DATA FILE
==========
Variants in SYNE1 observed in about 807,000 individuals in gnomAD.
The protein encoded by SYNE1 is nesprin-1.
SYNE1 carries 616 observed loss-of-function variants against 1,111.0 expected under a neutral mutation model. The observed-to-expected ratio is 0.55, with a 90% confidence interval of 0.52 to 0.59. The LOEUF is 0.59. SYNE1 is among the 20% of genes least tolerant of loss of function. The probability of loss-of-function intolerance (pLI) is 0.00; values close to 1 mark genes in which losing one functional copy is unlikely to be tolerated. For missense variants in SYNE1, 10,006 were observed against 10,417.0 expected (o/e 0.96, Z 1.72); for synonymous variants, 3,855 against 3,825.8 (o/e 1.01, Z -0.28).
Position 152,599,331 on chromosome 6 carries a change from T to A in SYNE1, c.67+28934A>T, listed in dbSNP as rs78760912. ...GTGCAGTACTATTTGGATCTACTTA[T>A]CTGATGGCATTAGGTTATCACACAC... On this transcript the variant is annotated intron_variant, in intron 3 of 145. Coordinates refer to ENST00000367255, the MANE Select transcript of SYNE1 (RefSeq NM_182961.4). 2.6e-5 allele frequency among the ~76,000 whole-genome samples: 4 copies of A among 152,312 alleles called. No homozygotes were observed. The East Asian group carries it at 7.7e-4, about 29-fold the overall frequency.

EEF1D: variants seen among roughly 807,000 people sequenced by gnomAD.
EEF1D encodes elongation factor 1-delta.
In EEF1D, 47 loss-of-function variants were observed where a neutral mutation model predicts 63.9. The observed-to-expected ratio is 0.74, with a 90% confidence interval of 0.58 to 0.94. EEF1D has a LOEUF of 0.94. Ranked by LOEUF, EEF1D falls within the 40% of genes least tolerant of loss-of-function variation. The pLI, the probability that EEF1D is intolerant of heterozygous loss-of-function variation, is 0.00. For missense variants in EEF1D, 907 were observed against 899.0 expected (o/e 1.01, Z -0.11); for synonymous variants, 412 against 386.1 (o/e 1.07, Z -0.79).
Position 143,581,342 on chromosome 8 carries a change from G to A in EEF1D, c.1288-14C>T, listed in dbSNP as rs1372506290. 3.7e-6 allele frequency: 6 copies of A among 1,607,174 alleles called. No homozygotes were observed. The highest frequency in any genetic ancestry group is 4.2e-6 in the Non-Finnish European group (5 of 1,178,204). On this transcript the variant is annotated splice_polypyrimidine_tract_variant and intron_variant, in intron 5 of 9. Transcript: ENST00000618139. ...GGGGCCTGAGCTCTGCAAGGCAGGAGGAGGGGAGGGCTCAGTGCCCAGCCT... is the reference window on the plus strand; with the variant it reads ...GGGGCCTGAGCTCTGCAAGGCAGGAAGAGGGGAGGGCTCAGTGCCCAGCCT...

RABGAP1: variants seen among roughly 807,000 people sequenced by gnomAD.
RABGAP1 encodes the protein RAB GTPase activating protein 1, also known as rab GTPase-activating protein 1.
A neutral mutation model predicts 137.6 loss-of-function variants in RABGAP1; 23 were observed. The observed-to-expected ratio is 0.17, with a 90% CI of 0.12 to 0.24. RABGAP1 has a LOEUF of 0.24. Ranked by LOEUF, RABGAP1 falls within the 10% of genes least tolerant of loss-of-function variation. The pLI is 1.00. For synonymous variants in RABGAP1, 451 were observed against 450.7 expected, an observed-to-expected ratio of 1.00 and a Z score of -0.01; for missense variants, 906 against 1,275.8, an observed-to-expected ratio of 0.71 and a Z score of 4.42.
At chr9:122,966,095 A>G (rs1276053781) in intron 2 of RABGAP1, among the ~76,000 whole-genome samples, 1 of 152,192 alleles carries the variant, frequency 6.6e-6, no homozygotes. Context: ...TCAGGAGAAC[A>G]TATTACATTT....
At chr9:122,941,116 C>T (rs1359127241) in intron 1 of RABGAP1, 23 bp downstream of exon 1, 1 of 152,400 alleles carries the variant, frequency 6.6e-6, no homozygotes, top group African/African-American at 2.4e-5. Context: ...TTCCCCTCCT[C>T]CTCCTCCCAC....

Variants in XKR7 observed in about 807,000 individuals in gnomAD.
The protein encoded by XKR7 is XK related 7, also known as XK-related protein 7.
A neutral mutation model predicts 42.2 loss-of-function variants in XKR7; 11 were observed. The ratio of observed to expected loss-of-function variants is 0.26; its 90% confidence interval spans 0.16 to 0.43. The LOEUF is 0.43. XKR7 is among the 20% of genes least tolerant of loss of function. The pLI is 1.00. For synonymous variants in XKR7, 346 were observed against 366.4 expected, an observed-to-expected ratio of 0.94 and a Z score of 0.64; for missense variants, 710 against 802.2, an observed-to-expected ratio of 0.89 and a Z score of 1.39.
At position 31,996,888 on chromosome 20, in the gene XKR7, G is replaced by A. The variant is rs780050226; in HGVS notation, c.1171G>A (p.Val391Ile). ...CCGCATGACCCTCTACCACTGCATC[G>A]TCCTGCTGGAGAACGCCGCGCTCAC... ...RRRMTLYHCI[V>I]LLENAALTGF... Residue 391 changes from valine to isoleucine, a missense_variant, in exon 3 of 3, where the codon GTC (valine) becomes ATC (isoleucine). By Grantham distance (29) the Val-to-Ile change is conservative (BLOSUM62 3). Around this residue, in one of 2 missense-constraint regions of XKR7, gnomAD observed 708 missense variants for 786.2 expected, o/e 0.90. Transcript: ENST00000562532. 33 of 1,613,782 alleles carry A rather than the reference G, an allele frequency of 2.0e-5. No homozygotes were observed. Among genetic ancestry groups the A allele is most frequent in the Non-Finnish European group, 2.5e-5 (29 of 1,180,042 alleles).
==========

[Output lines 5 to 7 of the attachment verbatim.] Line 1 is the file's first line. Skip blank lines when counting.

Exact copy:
EEF1D: variants seen among roughly 807,000 people sequenced by gnomAD.
EEF1D encodes elongation factor 1-delta.
In EEF1D, 47 loss-of-function variants were observed where a neutral mutation model predicts 63.9. The observed-to-expected ratio is 0.74, with a 90% confidence interval of 0.58 to 0.94. EEF1D has a LOEUF of 0.94. Ranked by LOEUF, EEF1D falls within the 40% of genes least tolerant of loss-of-function variation. The pLI, the probability that EEF1D is intolerant of heterozygous loss-of-function variation, is 0.00. For missense variants in EEF1D, 907 were observed against 899.0 expected (o/e 1.01, Z -0.11); for synonymous variants, 412 against 386.1 (o/e 1.07, Z -0.79).